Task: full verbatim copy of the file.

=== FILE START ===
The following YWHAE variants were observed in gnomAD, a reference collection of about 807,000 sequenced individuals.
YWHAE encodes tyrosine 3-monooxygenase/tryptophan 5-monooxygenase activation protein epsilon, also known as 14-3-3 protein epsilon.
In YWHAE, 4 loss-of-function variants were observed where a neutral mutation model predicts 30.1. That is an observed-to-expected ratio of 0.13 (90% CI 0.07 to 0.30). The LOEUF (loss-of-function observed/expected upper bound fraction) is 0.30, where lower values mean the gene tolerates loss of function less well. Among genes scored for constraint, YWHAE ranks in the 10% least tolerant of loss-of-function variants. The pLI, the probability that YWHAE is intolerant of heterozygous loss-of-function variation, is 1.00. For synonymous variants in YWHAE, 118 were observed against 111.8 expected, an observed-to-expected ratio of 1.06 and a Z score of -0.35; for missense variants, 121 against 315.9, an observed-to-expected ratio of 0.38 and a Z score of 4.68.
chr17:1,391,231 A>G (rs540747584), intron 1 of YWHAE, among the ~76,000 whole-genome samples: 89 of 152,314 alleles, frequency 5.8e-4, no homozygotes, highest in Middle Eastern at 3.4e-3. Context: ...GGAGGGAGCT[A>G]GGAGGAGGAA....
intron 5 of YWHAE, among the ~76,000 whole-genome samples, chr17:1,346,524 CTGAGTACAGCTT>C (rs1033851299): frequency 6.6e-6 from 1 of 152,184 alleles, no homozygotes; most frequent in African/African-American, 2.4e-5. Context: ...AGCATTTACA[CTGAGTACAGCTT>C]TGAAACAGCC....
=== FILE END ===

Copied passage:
The following YWHAE variants were observed in gnomAD, a reference collection of about 807,000 sequenced individuals.
YWHAE encodes tyrosine 3-monooxygenase/tryptophan 5-monooxygenase activation protein epsilon, also known as 14-3-3 protein epsilon.
In YWHAE, 4 loss-of-function variants were observed where a neutral mutation model predicts 30.1. That is an observed-to-expected ratio of 0.13 (90% CI 0.07 to 0.30). The LOEUF (loss-of-function observed/expected upper bound fraction) is 0.30, where lower values mean the gene tolerates loss of function less well. Among genes scored for constraint, YWHAE ranks in the 10% least tolerant of loss-of-function variants. The pLI, the probability that YWHAE is intolerant of heterozygous loss-of-function variation, is 1.00. For synonymous variants in YWHAE, 118 were observed against 111.8 expected, an observed-to-expected ratio of 1.06 and a Z score of -0.35; for missense variants, 121 against 315.9, an observed-to-expected ratio of 0.38 and a Z score of 4.68.
chr17:1,391,231 A>G (rs540747584), intron 1 of YWHAE, among the ~76,000 whole-genome samples: 89 of 152,314 alleles, frequency 5.8e-4, no homozygotes, highest in Middle Eastern at 3.4e-3. Context: ...GGAGGGAGCT[A>G]GGAGGAGGAA....
intron 5 of YWHAE, among the ~76,000 whole-genome samples, chr17:1,346,524 CTGAGTACAGCTT>C (rs1033851299): frequency 6.6e-6 from 1 of 152,184 alleles, no homozygotes; most frequent in African/African-American, 2.4e-5. Context: ...AGCATTTACA[CTGAGTACAGCTT>C]TGAAACAGCC....